- When the chemicals in medicines breakdown, they can become dangerous.
- All medicines (including tablets, creams, liquids and others) display their expiry date on their packaging.
- Don't keep unused medicines past their expiry dates.
- Take expired medicines to a pharmacy for safe disposal.
- Throwing away unwanted medicines in the bin or by flushing down the toilet is dangerous to others, and harmful to the environment.
What is an out-of-date medicine?
All medications have an expiry date. The expiry date is the point in time when the medication will no longer be as effective as it should be. Medicines should not be used past their expiry date. This includes prescribed as well as over-the-counter (OTC) medicines.
Expiry dates can vary widely between different medicines and different forms of medicine. For example, dry tablets are likely to have a later expiry date than liquids. It doesn't matter what form your medicine is in, all medicines expire, including patches, creams, lotions, ointments, liquids, injections and tablets.
The law states that each medicine's expiry date must be written on the packaging. You might find it underneath a label, on the lid of a bottle or at the end of a tube of cream. If you can't find it, ask your pharmacist for help.
Why do medicines expire?
Medicines lose their effectiveness over time because they are made up of chemicals that break down as time passes. They may also become dangerous due to a change in their chemical make-up. Taking old medicines can cause harm, or even be fatal, especially if you are taking them for a serious health condition.
Which medicines do I need watch out for?
All medicines expire, but you need to be particularly careful with certain medicines for serious medical conditions such as:
- EpiPen for the treatment of severe allergic reaction
- glyceryl trinitrate or GTN for angina and chest pain
- insulin for diabetes
Compounded medicines usually expire quicker than other medicines, usually 28 days or less and never longer than 6 months. Be extra careful to store compounded medicines according to your pharmacist's instructions, as they can be particularly sensitive to conditions such as high temperatures.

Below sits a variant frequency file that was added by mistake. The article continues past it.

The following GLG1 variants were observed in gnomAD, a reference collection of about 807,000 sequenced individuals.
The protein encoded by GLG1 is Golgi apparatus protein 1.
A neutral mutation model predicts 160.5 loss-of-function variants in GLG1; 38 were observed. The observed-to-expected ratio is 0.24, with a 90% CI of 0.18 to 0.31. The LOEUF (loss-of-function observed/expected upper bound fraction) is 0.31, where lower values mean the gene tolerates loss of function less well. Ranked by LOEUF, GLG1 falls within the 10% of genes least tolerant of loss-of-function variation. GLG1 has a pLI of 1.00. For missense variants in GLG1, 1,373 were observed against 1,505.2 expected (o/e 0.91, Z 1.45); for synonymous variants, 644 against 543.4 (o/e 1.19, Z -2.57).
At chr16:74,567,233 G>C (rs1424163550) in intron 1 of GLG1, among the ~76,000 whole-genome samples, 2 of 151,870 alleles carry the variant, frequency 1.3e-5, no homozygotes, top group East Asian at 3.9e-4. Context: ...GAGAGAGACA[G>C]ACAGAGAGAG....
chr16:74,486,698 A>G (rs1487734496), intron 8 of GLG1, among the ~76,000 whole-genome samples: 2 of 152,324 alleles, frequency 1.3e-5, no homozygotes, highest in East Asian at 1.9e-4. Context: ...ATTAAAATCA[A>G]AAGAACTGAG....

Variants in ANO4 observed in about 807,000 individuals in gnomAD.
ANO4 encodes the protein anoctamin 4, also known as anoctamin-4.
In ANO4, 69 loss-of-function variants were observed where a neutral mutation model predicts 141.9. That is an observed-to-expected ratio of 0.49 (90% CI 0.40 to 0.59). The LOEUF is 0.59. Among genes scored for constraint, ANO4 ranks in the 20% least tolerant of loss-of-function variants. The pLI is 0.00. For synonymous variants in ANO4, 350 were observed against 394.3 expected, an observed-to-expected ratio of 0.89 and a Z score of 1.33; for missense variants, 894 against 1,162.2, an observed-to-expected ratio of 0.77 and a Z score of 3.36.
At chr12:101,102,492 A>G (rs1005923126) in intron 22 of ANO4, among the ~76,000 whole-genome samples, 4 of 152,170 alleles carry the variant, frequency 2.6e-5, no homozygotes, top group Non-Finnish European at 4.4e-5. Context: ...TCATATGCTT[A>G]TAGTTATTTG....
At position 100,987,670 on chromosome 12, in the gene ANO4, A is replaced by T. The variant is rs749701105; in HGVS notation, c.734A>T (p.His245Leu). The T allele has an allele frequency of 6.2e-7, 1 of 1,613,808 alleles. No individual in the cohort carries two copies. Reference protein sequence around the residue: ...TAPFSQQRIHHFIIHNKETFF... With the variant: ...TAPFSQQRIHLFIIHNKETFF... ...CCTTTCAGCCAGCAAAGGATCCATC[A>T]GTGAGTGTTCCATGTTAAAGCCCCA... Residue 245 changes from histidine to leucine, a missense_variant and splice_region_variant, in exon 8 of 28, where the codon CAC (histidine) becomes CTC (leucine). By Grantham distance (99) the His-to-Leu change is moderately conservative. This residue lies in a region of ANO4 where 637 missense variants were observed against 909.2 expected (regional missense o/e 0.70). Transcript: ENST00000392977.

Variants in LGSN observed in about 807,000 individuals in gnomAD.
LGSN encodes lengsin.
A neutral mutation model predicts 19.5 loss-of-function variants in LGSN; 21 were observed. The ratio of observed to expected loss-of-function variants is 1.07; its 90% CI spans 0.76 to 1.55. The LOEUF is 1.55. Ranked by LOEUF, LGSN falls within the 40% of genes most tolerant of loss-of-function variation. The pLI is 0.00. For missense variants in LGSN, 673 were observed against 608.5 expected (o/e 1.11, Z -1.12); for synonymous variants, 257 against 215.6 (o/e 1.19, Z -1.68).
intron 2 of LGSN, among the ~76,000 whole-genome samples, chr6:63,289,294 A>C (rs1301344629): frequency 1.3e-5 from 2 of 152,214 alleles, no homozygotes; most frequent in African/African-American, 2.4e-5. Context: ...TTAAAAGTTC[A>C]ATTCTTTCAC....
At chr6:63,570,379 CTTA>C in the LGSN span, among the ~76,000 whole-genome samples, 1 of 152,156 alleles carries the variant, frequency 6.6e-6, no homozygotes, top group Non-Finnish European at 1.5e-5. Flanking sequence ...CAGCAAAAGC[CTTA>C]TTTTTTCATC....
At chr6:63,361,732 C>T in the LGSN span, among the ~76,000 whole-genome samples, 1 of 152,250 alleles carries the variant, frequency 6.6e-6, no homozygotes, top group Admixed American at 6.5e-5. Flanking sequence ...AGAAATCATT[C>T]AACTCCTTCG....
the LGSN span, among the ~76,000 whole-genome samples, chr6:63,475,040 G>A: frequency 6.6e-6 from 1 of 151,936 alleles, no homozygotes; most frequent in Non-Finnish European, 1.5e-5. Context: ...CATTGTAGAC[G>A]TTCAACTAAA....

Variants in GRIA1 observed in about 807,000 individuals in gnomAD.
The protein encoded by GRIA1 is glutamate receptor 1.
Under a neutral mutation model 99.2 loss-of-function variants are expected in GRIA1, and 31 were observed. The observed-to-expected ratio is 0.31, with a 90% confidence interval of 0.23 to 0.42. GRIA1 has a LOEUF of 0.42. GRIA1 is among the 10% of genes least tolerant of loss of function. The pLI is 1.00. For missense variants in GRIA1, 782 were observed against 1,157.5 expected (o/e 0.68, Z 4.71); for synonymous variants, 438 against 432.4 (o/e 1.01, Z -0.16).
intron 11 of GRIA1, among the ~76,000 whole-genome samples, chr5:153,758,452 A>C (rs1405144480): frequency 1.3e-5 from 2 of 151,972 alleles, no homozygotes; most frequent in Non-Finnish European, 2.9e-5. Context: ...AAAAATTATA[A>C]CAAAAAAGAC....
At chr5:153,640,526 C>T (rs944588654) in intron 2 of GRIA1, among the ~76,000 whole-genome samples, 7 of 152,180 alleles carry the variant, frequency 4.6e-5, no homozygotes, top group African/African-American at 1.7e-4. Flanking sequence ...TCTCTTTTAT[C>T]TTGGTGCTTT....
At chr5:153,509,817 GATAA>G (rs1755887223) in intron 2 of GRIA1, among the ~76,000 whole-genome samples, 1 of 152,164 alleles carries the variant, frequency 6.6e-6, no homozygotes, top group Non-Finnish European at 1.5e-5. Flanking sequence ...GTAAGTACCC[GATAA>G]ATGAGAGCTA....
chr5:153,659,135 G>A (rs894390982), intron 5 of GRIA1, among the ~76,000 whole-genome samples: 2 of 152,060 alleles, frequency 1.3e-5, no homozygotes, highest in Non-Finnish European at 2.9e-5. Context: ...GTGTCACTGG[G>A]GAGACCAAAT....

Eye drops also have strict expiry dates. Like all medicines, eye drops become less effective when they are out-of-date, but eye drops have the extra complication of becoming more easily contaminated with bacteria. A general rule is to never use eye drops after their expiry date, and to throw them out 30 days after you've opened them, even if it is before the expiry date.
What is the safest way to store my medicines?
For your medications to stay effective until the expiry date, you need to store them properly. Different medicines need different storage conditions. Always follow the instructions on the packaging, which might include storage below 25°C, in a dark place or in the refrigerator at about 4°C. Ask your pharmacist how to store each medicine when you purchase it from the pharmacy. This is true for prescribed and over-the-counter medicines.
All medicines (including patches, creams, lotions, ointments, liquids, injections and tablets) should be locked away and kept out of children's reach.
If you take several medicines or have a complex health condition, it is a good idea to have your medicines reviewed every 6 to 12 months. Talk to your GP or pharmacist about a Home Medicines Review.
What do I do if I have been taking expired medicines?
If you discover that you have been taking expired medication, talk to your pharmacist or your doctor. You might need to get a fresh, fully active batch.
How can I safely dispose of my expired or unused medicines?
It's a good idea to check all of your medicines regularly and safely dispose of any that are out of date or that you no longer need. Your local pharmacy provides a free and convenient way to dispose of your unwanted or expired medicines responsibly. Flushing them down the toilet or putting them in a rubbish bin can be dangerous, and can harm the environment.
Over-the-counter and prescription medicines, gels, creams, liquids, herbal or complementary supplements and pet medicines can all be returned for free, safe disposal at the pharmacy.
You can find out more about disposing expired medicines on the Return Unwanted Medicines website.
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Last reviewed: September 2022